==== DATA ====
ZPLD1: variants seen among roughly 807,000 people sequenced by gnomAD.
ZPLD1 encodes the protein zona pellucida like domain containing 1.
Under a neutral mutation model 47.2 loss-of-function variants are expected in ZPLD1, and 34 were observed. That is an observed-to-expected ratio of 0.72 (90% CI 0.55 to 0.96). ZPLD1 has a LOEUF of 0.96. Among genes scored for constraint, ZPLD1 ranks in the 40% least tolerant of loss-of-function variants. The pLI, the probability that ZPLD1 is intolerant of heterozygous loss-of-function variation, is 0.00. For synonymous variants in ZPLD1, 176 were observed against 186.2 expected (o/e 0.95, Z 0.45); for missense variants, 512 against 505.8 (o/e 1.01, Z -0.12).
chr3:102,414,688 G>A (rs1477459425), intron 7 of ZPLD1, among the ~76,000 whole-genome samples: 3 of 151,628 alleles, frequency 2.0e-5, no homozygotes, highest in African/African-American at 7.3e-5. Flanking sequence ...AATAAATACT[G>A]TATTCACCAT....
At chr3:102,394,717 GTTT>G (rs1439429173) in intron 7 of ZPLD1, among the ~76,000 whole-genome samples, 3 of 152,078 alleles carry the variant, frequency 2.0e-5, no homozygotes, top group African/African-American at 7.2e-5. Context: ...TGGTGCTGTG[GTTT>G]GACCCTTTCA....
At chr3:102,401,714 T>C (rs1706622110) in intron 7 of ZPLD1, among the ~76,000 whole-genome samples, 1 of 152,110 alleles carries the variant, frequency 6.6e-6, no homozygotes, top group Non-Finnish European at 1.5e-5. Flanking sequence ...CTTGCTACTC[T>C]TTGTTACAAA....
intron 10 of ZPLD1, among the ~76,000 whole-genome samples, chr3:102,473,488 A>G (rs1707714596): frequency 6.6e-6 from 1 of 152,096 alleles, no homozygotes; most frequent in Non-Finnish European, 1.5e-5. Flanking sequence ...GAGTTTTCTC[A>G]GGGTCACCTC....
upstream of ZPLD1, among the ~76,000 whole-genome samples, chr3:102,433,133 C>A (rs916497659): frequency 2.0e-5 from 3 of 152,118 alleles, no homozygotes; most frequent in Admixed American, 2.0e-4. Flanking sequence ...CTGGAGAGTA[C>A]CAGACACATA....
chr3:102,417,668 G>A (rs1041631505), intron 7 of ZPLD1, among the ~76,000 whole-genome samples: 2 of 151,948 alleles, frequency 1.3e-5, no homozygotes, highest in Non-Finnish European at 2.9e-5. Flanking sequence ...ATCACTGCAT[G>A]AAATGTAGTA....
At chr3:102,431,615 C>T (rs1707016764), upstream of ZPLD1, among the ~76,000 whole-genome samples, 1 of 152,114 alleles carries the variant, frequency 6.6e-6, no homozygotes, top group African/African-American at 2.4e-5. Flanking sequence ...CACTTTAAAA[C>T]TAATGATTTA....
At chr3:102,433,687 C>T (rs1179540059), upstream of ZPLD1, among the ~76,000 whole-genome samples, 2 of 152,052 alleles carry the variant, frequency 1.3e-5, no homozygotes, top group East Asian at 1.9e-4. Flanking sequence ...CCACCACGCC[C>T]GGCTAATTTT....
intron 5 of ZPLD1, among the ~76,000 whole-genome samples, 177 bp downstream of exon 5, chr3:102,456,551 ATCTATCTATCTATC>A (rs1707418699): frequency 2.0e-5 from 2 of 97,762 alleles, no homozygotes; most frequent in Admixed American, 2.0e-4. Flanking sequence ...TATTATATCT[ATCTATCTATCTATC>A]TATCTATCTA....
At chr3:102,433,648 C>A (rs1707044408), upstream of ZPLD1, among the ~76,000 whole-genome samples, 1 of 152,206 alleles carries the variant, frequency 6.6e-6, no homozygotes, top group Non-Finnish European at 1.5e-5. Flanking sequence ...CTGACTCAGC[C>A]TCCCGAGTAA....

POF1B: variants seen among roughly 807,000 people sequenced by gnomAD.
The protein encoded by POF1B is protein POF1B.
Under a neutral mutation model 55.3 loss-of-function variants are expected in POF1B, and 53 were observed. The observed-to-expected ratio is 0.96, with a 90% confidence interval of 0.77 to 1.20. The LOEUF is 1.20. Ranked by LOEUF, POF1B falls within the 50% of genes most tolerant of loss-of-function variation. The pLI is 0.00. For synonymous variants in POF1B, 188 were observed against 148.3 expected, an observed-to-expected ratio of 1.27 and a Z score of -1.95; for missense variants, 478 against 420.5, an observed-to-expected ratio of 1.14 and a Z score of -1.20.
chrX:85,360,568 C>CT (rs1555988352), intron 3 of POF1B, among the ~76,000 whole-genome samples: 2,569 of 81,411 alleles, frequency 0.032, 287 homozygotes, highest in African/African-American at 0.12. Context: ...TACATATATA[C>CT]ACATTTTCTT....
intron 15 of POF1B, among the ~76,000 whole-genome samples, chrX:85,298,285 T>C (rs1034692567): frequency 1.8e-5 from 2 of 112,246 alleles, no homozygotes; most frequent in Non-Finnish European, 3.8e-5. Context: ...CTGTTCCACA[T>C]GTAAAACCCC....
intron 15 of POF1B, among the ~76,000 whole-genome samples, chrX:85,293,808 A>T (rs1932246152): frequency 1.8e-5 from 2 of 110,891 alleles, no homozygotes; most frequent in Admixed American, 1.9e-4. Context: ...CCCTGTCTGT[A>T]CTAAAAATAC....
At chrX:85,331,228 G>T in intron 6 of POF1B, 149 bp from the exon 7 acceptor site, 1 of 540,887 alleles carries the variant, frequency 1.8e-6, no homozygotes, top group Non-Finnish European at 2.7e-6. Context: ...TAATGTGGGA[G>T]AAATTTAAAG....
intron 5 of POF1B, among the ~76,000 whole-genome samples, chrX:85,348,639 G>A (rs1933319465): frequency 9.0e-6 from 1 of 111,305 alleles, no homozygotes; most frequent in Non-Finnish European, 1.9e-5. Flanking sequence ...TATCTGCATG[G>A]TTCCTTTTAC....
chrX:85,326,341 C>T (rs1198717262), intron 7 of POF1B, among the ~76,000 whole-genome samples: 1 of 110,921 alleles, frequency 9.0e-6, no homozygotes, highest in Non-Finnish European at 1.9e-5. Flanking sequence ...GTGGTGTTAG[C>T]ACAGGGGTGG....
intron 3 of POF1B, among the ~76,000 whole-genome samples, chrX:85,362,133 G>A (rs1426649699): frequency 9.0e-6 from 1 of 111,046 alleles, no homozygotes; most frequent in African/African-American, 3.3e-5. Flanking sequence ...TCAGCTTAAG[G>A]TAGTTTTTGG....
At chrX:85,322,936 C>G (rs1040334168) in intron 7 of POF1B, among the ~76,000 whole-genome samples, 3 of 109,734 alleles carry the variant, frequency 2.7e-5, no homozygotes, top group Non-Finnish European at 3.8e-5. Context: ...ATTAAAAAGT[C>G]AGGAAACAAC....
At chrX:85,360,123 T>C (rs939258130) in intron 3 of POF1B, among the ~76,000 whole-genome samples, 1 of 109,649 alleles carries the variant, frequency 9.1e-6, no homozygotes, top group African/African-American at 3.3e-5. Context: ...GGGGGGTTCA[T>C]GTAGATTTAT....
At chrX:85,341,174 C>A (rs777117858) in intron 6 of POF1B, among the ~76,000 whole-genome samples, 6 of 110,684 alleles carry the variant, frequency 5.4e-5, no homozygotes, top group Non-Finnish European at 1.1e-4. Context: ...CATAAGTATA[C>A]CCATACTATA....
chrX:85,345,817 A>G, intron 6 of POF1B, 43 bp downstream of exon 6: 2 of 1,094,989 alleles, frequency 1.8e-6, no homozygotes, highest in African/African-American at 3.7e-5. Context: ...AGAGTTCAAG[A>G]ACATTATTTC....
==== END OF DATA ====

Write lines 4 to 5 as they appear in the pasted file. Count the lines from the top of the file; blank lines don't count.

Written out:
chr3:102,414,688 G>A (rs1477459425), intron 7 of ZPLD1, among the ~76,000 whole-genome samples: 3 of 151,628 alleles, frequency 2.0e-5, no homozygotes, highest in African/African-American at 7.3e-5. Flanking sequence ...AATAAATACT[G>A]TATTCACCAT....
At chr3:102,394,717 GTTT>G (rs1439429173) in intron 7 of ZPLD1, among the ~76,000 whole-genome samples, 3 of 152,078 alleles carry the variant, frequency 2.0e-5, no homozygotes, top group African/African-American at 7.2e-5. Context: ...TGGTGCTGTG[GTTT>G]GACCCTTTCA....